stethoscope draped over piggy bank

A concerted effort by the senior living and care industry may have “stopped the freight train” from running off with Provider Relief Fund dollars intended to help providers cover COVID-related expenses and losses.

During an Argentum Advocates briefing on Wednesday, Argentum Senior Vice President of Public Affairs Maggie Elehwany said the senior living association received “intelligence” that the bulk of the Provider Relief Funds would not be used to pay for the $953 billion bipartisan infrastructure bill as had been rumored. Various parties involved in the negotiations indicated that an agreement had been reached on the package on Wednesday, with a vote expected in the coming days.

Elehwany said there was “strong political will and push” from legislators and the executive branch to strike a deal on the infrastructure bill. But concern in the industry grew when a report from the Government Accounting Office indicated that the Provider Relief Fund contained almost $44 billion in untapped funds, which some viewed as an option to pay for the infrastructure bill.

The news had several senior living groups sounding the alarm that the infrastructure agreement might come at their expense.

“Once that political will moves, it really is like a freight train moving and gaining more momentum as time goes by,” Elehwany said. Argentum, along with the American Health Care Association / National Center for Assisted Living, American Seniors Housing Association and LeadingAge, launched campaigns in an effort to protect those dollars. The industry groups made clear that the money sitting in the Health Resources & Services Administration account should not be considered available, because senior living and care providers were waiting for awarded —  but undistributed — funding.

“We are cautiously optimistic. We believe the Provider Relief Fund — at least the bulk of it —  will be preserved and will not be used as a ‘pay-for,’ ” Elehwany said. “We really feel that Senate negotiators really did hear our concerns.”

Elehwany said that senior living advocates shared their serious concerns about “providers hanging on by their fingernails” and COVID-19 operating losses versus relief funding actually received. And although the news appears to be good, she added, providers and the industry “must remain vigilant” and keep the pressure on Congress.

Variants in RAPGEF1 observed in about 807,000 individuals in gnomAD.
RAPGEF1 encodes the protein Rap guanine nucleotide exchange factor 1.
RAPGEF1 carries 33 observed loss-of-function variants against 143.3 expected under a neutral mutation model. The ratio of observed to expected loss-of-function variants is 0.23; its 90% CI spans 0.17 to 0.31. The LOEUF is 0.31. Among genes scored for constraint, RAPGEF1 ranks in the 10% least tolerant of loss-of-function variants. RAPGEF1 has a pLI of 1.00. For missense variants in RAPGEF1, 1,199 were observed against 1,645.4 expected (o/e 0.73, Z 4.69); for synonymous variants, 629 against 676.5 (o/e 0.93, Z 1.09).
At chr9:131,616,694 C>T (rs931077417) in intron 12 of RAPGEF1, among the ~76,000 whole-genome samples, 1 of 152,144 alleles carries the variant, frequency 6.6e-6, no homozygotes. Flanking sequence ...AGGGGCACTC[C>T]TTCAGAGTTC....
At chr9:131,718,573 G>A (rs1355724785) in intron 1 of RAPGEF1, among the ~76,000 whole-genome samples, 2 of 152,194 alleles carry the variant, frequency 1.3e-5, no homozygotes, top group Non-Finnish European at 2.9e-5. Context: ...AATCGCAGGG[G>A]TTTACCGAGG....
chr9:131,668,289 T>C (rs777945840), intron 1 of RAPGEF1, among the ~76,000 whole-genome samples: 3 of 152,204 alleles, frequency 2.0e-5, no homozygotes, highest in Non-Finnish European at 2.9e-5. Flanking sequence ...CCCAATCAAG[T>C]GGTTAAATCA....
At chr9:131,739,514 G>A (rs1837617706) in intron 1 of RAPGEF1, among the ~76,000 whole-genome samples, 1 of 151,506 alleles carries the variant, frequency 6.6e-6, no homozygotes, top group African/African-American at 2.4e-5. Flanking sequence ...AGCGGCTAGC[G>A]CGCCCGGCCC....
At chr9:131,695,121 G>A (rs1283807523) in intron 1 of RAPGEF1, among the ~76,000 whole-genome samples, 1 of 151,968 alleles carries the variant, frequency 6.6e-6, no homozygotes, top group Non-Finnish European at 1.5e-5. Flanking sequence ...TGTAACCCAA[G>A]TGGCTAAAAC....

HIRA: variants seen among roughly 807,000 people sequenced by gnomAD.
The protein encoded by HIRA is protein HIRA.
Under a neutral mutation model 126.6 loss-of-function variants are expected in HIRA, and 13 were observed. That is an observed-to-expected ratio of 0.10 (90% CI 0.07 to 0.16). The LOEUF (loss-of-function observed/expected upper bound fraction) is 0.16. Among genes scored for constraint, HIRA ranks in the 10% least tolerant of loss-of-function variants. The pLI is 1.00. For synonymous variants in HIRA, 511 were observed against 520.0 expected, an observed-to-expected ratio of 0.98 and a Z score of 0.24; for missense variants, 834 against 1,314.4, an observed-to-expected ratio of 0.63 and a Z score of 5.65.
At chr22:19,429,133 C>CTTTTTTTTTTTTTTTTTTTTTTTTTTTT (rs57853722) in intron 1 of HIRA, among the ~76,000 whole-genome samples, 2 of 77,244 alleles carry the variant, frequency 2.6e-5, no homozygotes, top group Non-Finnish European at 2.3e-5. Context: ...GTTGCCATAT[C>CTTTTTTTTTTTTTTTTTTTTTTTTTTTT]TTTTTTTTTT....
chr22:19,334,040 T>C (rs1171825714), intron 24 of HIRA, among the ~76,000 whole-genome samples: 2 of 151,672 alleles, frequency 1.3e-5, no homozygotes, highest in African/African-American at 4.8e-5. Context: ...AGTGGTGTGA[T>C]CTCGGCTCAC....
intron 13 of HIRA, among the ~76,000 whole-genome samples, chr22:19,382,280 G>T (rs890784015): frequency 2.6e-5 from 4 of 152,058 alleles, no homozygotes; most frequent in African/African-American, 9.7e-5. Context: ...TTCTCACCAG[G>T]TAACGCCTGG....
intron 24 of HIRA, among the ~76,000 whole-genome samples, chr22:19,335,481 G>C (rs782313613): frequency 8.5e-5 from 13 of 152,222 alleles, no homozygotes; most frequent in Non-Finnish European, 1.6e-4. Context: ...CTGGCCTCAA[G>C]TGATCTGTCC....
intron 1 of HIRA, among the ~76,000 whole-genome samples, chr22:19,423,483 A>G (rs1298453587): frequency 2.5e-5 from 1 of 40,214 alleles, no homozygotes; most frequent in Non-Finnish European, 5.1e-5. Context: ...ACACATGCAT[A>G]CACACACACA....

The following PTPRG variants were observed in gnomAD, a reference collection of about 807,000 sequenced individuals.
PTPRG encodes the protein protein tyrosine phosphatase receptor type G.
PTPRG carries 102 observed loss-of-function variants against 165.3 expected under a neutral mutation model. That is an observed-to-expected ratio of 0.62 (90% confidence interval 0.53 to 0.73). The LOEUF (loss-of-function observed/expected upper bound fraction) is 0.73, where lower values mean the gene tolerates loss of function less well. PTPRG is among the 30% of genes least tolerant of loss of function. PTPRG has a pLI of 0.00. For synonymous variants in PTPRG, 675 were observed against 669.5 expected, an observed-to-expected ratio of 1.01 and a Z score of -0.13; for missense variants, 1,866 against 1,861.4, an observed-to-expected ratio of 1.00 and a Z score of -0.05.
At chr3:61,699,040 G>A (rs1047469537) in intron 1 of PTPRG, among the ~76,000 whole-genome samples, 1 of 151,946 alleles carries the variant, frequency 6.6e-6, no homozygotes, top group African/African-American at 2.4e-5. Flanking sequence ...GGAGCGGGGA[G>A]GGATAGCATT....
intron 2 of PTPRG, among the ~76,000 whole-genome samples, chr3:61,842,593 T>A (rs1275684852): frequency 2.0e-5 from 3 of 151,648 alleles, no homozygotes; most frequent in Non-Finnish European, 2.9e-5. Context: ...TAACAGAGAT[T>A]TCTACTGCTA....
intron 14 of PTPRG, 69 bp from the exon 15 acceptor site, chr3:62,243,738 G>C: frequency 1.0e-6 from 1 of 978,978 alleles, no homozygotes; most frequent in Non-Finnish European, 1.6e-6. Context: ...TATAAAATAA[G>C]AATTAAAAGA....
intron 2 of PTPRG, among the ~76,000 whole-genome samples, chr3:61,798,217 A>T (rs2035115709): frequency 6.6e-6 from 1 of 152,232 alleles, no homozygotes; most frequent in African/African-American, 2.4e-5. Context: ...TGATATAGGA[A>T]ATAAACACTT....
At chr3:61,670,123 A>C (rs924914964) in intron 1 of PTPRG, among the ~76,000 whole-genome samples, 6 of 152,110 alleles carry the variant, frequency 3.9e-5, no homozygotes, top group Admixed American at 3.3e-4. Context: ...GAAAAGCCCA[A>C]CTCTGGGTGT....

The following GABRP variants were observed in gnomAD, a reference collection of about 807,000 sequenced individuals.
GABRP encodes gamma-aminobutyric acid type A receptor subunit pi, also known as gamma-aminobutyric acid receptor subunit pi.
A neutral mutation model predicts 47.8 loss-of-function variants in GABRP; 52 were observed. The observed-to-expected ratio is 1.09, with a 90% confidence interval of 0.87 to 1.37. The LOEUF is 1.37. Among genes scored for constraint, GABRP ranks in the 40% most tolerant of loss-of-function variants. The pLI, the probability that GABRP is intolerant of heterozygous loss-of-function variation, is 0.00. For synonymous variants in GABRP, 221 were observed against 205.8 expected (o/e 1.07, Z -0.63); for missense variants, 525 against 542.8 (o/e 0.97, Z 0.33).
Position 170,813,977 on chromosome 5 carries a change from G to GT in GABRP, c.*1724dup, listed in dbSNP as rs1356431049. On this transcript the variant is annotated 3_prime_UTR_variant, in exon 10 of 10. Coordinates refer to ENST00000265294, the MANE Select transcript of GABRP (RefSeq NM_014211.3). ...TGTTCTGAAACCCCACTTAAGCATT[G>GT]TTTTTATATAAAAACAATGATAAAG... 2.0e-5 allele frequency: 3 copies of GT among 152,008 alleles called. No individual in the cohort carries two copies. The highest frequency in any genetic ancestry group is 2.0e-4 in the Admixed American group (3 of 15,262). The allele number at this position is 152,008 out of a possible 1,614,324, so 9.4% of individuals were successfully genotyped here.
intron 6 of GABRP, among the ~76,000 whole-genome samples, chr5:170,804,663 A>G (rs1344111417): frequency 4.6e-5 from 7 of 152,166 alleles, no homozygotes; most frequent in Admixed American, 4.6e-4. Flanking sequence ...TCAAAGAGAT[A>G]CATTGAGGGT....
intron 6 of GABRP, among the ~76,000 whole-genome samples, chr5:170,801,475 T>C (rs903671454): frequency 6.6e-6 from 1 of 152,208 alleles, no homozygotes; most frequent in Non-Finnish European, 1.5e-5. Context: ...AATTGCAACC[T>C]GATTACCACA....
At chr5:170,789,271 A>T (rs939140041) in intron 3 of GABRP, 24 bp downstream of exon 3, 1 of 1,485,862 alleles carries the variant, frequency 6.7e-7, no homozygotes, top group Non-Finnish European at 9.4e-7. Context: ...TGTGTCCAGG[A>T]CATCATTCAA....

“Even if we are able to win this battle, we still need to put pressure and get this money out the door,” Elehwany said. “If we’ve learned anything these past few days watching the Olympics, nothing is a done deal. Things can happen at the last minute, and we can’t be assured of a ‘gold medal’ by any means.”

Vaccine mandate developments

In other news, Argentum Vice President of Government Relations Paul Williams said it appears that President Biden is going to announce a vaccine mandate today for federal workers. Those who are not vaccinated will be subject to weekly COVID-19 testing.

The expected federal mandate follows an announcement by the Department of Veterans Affairs earlier this week of a vaccine mandate. California and New York made similar announcements this week regarding state and city workers, as well as long-term care and other healthcare workers.

Also this week, LeadingAge joined 56 other healthcare-related professional associations in publicly throwing support behind a COVID-19 vaccine mandate for long-term care and other healthcare workers. AMDA–The Society for Post-Acute and Long-Term Care Medicine previously called for mandatory vaccination for workers. 

Those groups join a growing list of senior living companies that already have COVID-19 mandates in place.

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